The idiom “change of heart” doesn’t literally mean that you can swap one organ with another. It means that you can change your mind, usually after long consideration.
As you know, you can’t change your heart, you were born with it. But, the English idiom “change of heart” implies that you can.
Mary Had a Change of Heart and Set Her Little Lamb Free
You may know the Nursery Rhyme, “Mary Had a Little Lamb”. Taking from that, I have an example of the idiom “change of heart” to share:
Mary had a little lamb. Mary loved her little lamb. But, one day she had a change of heart and decided it was time to set the little lamb free. For she knew that to love something is to let it go. If it returns, it loves you.
Meaning and use of Passive voice in a proper sentence
How do I use Passive Voice in a proper sentence?
There’s a format for converting Simple Present Tense Active Voice sentences into the Passive Voice. It’s:
Object + is/are + Past Participle
For Example, “The pottery is made by Gilda.”
“The pottery” is the Object. And then we have “is.” “Made.” “Made” is the Past Participle of the verb make. Finally, we throw the Preposition “by” into the mix and our Subject “Gilda.”
But, this can easily be rewritten in the Active Voice.
“Gilda makes the pottery.”
Sentences like this focus on the subject and the reader’s thoughts are with Gilda.
As a writer, I’m often told not to use Passive Voice because it’s used to shift blame. Sentences like:
“Mistakes were made by the fire department,” place the focus on “mistakes” rather than the “fire department.” It’s almost like the fire department wants the reader to be aware of the mistakes but only vaguely associate the fire department with them. To rectify the sentence, in regards to placing blame, not grammar, it might be better to write:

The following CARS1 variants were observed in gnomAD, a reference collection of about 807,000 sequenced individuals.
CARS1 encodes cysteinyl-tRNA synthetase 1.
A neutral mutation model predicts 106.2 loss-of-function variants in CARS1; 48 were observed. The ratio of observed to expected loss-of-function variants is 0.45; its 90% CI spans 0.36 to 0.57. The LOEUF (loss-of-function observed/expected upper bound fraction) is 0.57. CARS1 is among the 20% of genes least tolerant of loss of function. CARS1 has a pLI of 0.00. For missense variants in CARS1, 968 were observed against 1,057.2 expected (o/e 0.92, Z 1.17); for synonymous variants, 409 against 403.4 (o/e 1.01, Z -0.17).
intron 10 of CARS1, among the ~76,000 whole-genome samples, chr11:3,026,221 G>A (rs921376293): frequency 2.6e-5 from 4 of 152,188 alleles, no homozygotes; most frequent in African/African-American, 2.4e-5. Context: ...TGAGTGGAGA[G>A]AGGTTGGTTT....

“The fire department made mistakes.”
Even style guides suggest using Passive Voice lightly.
However, Passive Voice can be used to highlight a sentence’s Object. Or, as aptly described by Steven Pinker, “Passive [Voice] allows the writer to direct the reader’s gaze, like a cinematographer choosing the right camera angle (The Sense of Style).”
“The pottery is made by Gilda,” draws attention to “the pottery.” Typically, “the pottery” would be in the sentence’s Object and the sentence would read like this:
Back in the 1900s, the term “green fingers” was popular in the United Kingdom. It came from the green-stained fingers of farmers.
Often, plant extracts are used to dye fabric. Many plants secrete a stain. And so, during the harvest, the fingertips of farmers’ would become green with plant dyes.
The earliest use of “green fingers” came from the novel “The Misses Make-Believe” by Mary Stuart Boyd, a Scottish author.
“What old wives call green fingers: those magic digits that appear to ensure the growth of everything they plant.”
Later, the phrase “green thumb” came about. It was first used in the Daily Globe, in 1937.
An American journalist wrote:
“Miss Dvorak has what is known as the green thumb. That’s horticultural slang for being a successful gardener.”
Having a green thumb is a blessing. Those who have a green thumb make the plants grow. And, it’s said that “the lady who has a green thumb never lacks beauty, she is surrounded by flowers, nor goes hungry, food springs from the earth for her.”
Of course, having a green thumb can be cultivated and many have found their green thumb during the pandemic.
Structure and Rules of Using Past Continous Passive Voice
There are times you may want to write in both Passive Voice and Past Continuous tense. Simply, the Past Continuous tense can be identified by the past tense form of “be” and Verbs ending in ing.